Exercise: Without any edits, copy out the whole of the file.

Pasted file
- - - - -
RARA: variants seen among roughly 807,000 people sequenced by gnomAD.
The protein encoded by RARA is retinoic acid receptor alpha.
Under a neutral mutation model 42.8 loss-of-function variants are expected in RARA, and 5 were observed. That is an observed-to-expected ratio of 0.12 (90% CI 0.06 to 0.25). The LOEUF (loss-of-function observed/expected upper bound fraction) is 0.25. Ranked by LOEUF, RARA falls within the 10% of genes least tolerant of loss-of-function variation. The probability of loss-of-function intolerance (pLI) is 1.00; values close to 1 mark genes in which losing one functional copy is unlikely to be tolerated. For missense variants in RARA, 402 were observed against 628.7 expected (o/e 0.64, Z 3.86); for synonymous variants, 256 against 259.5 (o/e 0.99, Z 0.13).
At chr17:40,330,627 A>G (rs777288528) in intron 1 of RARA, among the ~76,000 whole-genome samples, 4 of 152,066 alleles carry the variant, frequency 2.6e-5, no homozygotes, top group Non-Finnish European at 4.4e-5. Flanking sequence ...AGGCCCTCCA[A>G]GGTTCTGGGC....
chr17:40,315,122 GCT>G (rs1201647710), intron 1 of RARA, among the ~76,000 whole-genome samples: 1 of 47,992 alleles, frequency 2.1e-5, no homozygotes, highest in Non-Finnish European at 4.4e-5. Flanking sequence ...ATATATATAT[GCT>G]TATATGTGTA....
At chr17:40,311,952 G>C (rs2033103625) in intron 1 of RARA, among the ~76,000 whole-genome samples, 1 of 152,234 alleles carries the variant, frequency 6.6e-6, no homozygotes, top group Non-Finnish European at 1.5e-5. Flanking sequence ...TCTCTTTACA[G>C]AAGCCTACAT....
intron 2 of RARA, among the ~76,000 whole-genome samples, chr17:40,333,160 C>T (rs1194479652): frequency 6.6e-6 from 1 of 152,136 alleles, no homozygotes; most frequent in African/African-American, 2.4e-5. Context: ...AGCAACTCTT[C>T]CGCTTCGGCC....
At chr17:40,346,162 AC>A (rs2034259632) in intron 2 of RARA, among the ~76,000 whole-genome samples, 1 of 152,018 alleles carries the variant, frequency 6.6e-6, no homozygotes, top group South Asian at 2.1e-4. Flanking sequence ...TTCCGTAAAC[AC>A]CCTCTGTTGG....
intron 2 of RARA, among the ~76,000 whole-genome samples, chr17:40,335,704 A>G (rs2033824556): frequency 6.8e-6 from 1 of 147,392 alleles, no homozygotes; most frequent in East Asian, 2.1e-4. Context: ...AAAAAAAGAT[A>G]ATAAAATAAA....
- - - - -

RARA: variants seen among roughly 807,000 people sequenced by gnomAD.
The protein encoded by RARA is retinoic acid receptor alpha.
Under a neutral mutation model 42.8 loss-of-function variants are expected in RARA, and 5 were observed. That is an observed-to-expected ratio of 0.12 (90% CI 0.06 to 0.25). The LOEUF (loss-of-function observed/expected upper bound fraction) is 0.25. Ranked by LOEUF, RARA falls within the 10% of genes least tolerant of loss-of-function variation. The probability of loss-of-function intolerance (pLI) is 1.00; values close to 1 mark genes in which losing one functional copy is unlikely to be tolerated. For missense variants in RARA, 402 were observed against 628.7 expected (o/e 0.64, Z 3.86); for synonymous variants, 256 against 259.5 (o/e 0.99, Z 0.13).
At chr17:40,330,627 A>G (rs777288528) in intron 1 of RARA, among the ~76,000 whole-genome samples, 4 of 152,066 alleles carry the variant, frequency 2.6e-5, no homozygotes, top group Non-Finnish European at 4.4e-5. Flanking sequence ...AGGCCCTCCA[A>G]GGTTCTGGGC....
chr17:40,315,122 GCT>G (rs1201647710), intron 1 of RARA, among the ~76,000 whole-genome samples: 1 of 47,992 alleles, frequency 2.1e-5, no homozygotes, highest in Non-Finnish European at 4.4e-5. Flanking sequence ...ATATATATAT[GCT>G]TATATGTGTA....
At chr17:40,311,952 G>C (rs2033103625) in intron 1 of RARA, among the ~76,000 whole-genome samples, 1 of 152,234 alleles carries the variant, frequency 6.6e-6, no homozygotes, top group Non-Finnish European at 1.5e-5. Flanking sequence ...TCTCTTTACA[G>C]AAGCCTACAT....
intron 2 of RARA, among the ~76,000 whole-genome samples, chr17:40,333,160 C>T (rs1194479652): frequency 6.6e-6 from 1 of 152,136 alleles, no homozygotes; most frequent in African/African-American, 2.4e-5. Context: ...AGCAACTCTT[C>T]CGCTTCGGCC....
At chr17:40,346,162 AC>A (rs2034259632) in intron 2 of RARA, among the ~76,000 whole-genome samples, 1 of 152,018 alleles carries the variant, frequency 6.6e-6, no homozygotes, top group South Asian at 2.1e-4. Flanking sequence ...TTCCGTAAAC[AC>A]CCTCTGTTGG....
intron 2 of RARA, among the ~76,000 whole-genome samples, chr17:40,335,704 A>G (rs2033824556): frequency 6.8e-6 from 1 of 147,392 alleles, no homozygotes; most frequent in East Asian, 2.1e-4. Context: ...AAAAAAAGAT[A>G]ATAAAATAAA....